By Emil Sjölander, Summer Intern at Equity Research Sweden.
Peeking inside the glass buildings that constitutes the ’real’ business world, it is, from a student’s perspective, beyond fascinating. Stepping in to this captivating world of finance, always signifies a break from what you’ve learned from mumbling lecturers and brick-sized theoretical pieces. Theories which assume things such as “perfect markets” or “homo economicus”. That is, however, where we start by default.
My own rebellion way into finance
My own journey into the world of finance began perhaps as a rebellion against these, in my mind, old and outdated theories. I thought it was preposterous that stocks followed “random walks” or that markets were perfectly calibrated. How could they be? Some people were undoubtedly making lots of money of them. So, I started investing in stocks, on a naive quest to prove both the lecturers and ‘their’ markets wrong. And after some initial success I inevitably began to lose!
Perhaps it wasn’t as simple as I thought. In search of guidance I joined the student association “Stockholm Student Investment Fund“, where I got in contact with some of the methods used for valuation of companies – something I hadn’t tried before. But it wasn’t until I attended a guest presentation by Nordea, where they analysed the hottest stock in Sweden at the time, that I understood the rigor and depth of analysis that was required for beating the market.
Working with the professionals
It was a joyous moment when I got the offer to intern at Nordea Equity Research. Finally, I would be able to watch and learn from the people that conducted these complex valuation methods and find out how to properly value a company.
It was quite surprising on my first day of work to watch a senior colleague in the seat beside me speak on telephone the entire day, apparently trying to find out how a set of construction sites were developing. The pattern recurred; many of the senior analysts spent a large amount of their days speaking in their phones or travelling to different locations.
Journalists or Researchers?
Again, I realized that things were not as I had thought. However, I was by now, more or less used to this profession surprising me …! The equity research team was not located in a room with the scratching sounds of note-taking or click-clacks from keyboards. Instead it was a highly social group of people constantly looking for that missing piece of information in their analysis. It appeared to me more like a newsroom at a newspaper than a bank – except for the suits, and the four to six screens per researcher, and the complex tools and models used.
Still, the newsroom analogy does, to some extent, ‘work’. In many ways – and roughly speaking – equity research is a provider of insights of the inner workings of companies. One major difference though, is the fact that researchers analyse the companies to the core, studying and analysing companies strengths and weaknesses in ‘deep depth’.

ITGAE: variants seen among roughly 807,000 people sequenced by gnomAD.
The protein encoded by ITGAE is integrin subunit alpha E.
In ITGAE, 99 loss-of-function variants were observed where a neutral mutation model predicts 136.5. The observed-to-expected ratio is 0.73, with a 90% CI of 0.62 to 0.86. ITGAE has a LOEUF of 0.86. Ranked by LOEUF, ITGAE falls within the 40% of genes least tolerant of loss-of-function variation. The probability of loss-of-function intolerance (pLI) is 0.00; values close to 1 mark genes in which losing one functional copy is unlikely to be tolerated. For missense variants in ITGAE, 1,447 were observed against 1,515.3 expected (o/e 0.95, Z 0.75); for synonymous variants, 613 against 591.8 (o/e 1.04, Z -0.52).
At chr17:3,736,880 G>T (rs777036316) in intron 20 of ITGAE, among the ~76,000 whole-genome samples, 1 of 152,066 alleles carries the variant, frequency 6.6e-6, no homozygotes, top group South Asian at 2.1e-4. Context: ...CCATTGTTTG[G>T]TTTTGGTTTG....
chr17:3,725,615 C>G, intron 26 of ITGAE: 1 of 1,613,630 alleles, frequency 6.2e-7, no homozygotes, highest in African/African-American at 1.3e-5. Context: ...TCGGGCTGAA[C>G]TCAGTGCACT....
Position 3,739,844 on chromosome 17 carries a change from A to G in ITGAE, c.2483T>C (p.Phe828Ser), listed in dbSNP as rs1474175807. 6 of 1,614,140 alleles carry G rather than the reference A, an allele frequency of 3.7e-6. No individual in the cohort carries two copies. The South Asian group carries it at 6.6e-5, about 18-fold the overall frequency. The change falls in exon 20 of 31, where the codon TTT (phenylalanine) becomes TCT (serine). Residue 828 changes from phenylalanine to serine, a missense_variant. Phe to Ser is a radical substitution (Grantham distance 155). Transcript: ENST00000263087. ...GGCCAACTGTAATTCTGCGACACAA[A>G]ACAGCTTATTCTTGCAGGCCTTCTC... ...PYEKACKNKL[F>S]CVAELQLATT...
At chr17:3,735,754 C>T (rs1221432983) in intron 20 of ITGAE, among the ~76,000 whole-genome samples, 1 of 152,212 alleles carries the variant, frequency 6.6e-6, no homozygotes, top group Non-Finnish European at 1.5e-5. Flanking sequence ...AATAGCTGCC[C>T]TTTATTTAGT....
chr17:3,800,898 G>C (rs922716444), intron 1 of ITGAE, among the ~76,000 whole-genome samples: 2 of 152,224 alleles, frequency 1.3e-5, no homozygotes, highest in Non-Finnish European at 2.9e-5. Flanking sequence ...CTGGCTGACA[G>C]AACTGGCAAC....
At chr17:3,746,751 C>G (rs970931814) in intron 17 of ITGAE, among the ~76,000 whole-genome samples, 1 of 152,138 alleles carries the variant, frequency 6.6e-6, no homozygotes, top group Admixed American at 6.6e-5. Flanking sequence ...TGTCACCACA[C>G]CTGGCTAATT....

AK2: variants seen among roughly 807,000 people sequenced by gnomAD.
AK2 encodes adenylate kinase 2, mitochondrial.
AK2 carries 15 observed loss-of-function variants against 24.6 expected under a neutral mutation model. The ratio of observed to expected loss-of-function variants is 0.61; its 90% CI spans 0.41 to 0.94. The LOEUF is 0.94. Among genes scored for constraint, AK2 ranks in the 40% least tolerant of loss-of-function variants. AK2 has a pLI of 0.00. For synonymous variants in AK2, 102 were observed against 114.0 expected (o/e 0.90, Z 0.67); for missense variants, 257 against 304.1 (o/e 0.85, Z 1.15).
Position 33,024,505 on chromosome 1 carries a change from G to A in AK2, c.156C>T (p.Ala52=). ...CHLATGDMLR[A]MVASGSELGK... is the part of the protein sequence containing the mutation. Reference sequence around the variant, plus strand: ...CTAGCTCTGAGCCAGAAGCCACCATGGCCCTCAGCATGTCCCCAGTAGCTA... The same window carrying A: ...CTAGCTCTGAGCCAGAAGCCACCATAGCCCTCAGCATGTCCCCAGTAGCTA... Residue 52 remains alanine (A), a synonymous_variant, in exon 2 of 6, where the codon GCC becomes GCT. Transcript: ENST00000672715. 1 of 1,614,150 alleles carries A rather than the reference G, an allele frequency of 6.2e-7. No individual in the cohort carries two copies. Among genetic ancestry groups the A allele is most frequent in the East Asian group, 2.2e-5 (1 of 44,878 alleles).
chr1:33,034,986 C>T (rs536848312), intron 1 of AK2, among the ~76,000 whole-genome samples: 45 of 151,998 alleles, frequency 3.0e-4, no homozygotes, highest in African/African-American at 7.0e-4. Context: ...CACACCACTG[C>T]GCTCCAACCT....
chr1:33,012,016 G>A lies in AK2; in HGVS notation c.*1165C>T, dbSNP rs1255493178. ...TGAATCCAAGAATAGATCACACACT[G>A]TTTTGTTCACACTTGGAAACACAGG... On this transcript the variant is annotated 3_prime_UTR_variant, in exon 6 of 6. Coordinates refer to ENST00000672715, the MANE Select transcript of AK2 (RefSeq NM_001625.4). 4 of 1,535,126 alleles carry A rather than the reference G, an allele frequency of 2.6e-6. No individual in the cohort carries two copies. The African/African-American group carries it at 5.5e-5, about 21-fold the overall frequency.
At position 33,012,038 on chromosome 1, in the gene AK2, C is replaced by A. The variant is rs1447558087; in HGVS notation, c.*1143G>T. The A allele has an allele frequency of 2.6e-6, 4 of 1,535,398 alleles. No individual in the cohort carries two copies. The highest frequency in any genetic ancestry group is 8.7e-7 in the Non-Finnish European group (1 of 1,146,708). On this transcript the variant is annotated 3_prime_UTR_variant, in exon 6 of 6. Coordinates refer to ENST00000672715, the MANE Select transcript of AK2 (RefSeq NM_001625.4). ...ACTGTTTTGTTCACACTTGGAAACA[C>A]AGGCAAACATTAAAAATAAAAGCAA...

Nevertheless, imagine a reliable newspaper which for instance provides multi-faceted insights into political events of a country, and the information somewhat impacts the outcome of e.g. an election – whereas in banking, an excellent financial researcher brings valuable insights about the development and events in macro economics, equities, currencies, oil prices etc. to customers and investors.
The professional researchers’ comprehensive coverage and analysis can provide extraordinary value to investors. But, in an ever-changing world, no one can make estimates that are 100% accurate in every single case – that’s impossible. Should your analysis be somewhat off, the implications may be a less happy client, and in worst case profit loss and injured credibility.
It is with these factors in mind that Nordea’s equity researchers carefully lend their analysis and in-depth reports. That said, Nordea’s researcher clearly are very passionate about their work, and it’s been a great experience to work with such dedicated and highly professional experts. And then it surely has been an eye-opener for me – in many aspects of finance.
Last week, Emil’s colleague Karl, wrote the article “Not just number crunching – far from it“, where he gives an honest view on their main project for the summer, and how it was much more nuanced than he expected.
And have a look at the three summer interns’ first joined blog, “Rewarding times as Equity Research interns“.
Next up is an article by Sara Stegare where she explains the challenges and opportunities that an Intern face at Nordea.
… and you could be one of our next interns!
Do you have an interest for financial markets and investment banking? We are now looking for interns during spring and summer 2019 in Stockholm. Don’t hesitate, deadline is closing in – apply now.
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